A child who is mentally 12-14 months old in a four-year-old's body is normal to us. But it's difficult for others to understand when his disabilities are - at first - invisible. Because he appears to them to be a typical four-year-old boy. I suppose, apart from the occasional what ifs, this is the hardest part. When other people get it, it's truly a real tonic.
When it comes to pass-remarkable comments to do with my parenting, I've tended to let them go in the past (okay, I'll admit I may have fetched my imaginary voodoo doll once or twice...). Let's be honest, pretty much all parents encounter them every so often, be it for giving in to a tantrum "too easily" or co-sleeping on a bad night.
My 20-year-old son has multiple health issues, and learning difficulties. He therefore needs 24/7 care. He lives, term-time, at an outstanding specialist college. He is looked after by a fantastic team of carers, or facilitators, who come from a whole range of different places, including England, South Africa... and, of course, Eastern Europe. Poland is high on that list.
Imagine a scenario where that tiny little human life you created receives an earth shattering diagnosis. The doctors have no information about what it means or how it will affect your little one. Your family is left at the crossroads. You don't know where to go or who to turn to. What help will my child need? How can I get it? Where do I get information? Who can help me and my family? Why me, why us?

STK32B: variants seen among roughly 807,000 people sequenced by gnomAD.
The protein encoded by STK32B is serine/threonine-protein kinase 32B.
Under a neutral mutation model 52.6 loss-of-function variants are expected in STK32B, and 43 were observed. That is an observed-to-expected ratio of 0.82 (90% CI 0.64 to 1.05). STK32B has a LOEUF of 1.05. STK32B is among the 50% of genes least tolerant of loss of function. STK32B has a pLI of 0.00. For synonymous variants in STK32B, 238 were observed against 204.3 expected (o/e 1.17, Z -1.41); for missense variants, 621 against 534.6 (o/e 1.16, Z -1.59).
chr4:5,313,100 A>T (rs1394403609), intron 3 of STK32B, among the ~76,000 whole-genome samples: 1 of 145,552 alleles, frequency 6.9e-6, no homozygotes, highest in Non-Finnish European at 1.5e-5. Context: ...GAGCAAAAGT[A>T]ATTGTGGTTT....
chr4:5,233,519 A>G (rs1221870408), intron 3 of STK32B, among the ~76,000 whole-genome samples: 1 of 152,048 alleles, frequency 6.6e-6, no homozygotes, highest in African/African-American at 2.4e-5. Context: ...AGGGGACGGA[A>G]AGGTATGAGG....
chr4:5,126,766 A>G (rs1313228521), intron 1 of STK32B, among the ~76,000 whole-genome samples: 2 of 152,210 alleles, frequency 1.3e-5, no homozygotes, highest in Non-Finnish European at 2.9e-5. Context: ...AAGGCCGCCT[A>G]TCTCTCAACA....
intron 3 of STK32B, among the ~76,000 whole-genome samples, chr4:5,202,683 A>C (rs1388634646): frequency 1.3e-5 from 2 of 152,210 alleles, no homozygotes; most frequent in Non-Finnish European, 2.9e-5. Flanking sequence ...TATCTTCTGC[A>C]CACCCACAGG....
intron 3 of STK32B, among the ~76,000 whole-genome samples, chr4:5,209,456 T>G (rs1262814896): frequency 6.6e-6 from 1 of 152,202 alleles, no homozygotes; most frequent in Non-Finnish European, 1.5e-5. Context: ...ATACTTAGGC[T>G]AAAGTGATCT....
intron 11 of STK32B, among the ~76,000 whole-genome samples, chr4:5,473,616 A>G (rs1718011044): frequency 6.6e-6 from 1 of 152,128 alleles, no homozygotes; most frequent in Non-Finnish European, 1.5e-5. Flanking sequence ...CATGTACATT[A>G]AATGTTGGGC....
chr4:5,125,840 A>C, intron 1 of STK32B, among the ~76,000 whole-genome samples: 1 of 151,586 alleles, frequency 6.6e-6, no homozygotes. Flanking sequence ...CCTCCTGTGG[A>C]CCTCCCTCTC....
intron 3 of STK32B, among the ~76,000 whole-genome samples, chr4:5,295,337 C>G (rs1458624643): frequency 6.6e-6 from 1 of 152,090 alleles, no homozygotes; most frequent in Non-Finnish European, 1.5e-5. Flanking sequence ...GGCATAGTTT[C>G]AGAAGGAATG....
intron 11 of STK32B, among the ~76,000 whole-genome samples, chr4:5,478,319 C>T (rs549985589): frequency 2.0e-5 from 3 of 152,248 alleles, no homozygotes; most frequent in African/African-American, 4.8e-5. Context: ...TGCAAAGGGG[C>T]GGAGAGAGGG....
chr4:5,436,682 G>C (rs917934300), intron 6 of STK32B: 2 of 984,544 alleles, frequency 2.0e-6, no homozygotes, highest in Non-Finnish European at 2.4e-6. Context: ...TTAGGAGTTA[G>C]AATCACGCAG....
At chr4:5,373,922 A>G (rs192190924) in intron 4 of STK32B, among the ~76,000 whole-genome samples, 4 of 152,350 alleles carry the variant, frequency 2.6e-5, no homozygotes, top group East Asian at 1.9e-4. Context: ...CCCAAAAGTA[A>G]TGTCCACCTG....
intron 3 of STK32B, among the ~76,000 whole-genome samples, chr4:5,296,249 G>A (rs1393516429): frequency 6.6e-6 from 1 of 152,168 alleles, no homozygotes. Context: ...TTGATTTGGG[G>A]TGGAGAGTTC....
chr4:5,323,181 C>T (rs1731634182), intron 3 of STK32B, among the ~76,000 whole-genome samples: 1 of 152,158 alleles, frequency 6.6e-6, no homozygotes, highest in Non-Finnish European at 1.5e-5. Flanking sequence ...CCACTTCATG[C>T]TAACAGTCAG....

I remember when you were born, our first child, our boy, our son. We were filled with hopes and dreams for you, Daddy wanted you to be an Arsenal striker, fighter pilot and doctor all rolled into one (it's OK, he wasn't serious, well maybe not about the fighter pilot bit...). But what we wanted most for you was to be yourself.
Obviously, I don't think that parents of children with special needs are miserable moaners with greasy hair. Well not always. As for the greasy hair, I mean it in the metaphorical sense. In the way that, because of our offspring, we are sometimes viewed to be a bit downtrodden, frumpy, burdened, the underdog, the one (gasp) who is not much fun to be around.
Imagine a world where nearly two thirds of children were leaving school without getting good GCSEs. Parents would rightly be furious that their child hadn't got the right support at school. There would be outrage and a clamour for urgent action. But when it comes to deaf children, this is the reality that we face.
After spending a day at Putteridge High School meeting the students and the committed staff members, I am sure that the Inclusive approach to education really works. Putteridge does have two special needs groups, made up of children of all abilities and impairments, but the goal is for those students to enter the mainstream classes eventually.